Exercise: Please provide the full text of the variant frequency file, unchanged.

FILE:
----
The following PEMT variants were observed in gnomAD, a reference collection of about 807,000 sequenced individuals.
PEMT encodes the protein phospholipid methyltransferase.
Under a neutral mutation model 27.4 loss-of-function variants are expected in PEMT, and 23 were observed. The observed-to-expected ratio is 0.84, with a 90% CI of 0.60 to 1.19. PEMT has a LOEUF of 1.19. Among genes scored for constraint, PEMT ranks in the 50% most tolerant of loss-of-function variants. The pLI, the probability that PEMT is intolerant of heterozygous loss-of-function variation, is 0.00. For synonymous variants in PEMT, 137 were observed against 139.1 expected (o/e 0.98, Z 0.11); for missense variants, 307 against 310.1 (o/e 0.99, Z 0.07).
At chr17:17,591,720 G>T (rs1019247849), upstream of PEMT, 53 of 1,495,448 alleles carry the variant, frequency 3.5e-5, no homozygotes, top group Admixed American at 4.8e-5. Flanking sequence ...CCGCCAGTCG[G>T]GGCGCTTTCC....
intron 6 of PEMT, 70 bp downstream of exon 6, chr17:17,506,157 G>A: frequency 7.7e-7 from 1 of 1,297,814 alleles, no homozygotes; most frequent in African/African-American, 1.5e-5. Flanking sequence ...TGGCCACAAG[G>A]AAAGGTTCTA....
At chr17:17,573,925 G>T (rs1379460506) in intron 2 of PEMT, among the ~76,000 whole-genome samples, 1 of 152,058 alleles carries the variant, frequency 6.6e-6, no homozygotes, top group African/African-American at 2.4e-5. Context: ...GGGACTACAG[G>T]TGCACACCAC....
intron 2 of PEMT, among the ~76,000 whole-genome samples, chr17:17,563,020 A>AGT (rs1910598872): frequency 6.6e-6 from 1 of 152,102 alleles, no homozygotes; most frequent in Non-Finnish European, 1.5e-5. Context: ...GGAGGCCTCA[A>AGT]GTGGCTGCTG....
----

The following PEMT variants were observed in gnomAD, a reference collection of about 807,000 sequenced individuals.
PEMT encodes the protein phospholipid methyltransferase.
Under a neutral mutation model 27.4 loss-of-function variants are expected in PEMT, and 23 were observed. The observed-to-expected ratio is 0.84, with a 90% CI of 0.60 to 1.19. PEMT has a LOEUF of 1.19. Among genes scored for constraint, PEMT ranks in the 50% most tolerant of loss-of-function variants. The pLI, the probability that PEMT is intolerant of heterozygous loss-of-function variation, is 0.00. For synonymous variants in PEMT, 137 were observed against 139.1 expected (o/e 0.98, Z 0.11); for missense variants, 307 against 310.1 (o/e 0.99, Z 0.07).
At chr17:17,591,720 G>T (rs1019247849), upstream of PEMT, 53 of 1,495,448 alleles carry the variant, frequency 3.5e-5, no homozygotes, top group Admixed American at 4.8e-5. Flanking sequence ...CCGCCAGTCG[G>T]GGCGCTTTCC....
intron 6 of PEMT, 70 bp downstream of exon 6, chr17:17,506,157 G>A: frequency 7.7e-7 from 1 of 1,297,814 alleles, no homozygotes; most frequent in African/African-American, 1.5e-5. Flanking sequence ...TGGCCACAAG[G>A]AAAGGTTCTA....
At chr17:17,573,925 G>T (rs1379460506) in intron 2 of PEMT, among the ~76,000 whole-genome samples, 1 of 152,058 alleles carries the variant, frequency 6.6e-6, no homozygotes, top group African/African-American at 2.4e-5. Context: ...GGGACTACAG[G>T]TGCACACCAC....
intron 2 of PEMT, among the ~76,000 whole-genome samples, chr17:17,563,020 A>AGT (rs1910598872): frequency 6.6e-6 from 1 of 152,102 alleles, no homozygotes; most frequent in Non-Finnish European, 1.5e-5. Context: ...GGAGGCCTCA[A>AGT]GTGGCTGCTG....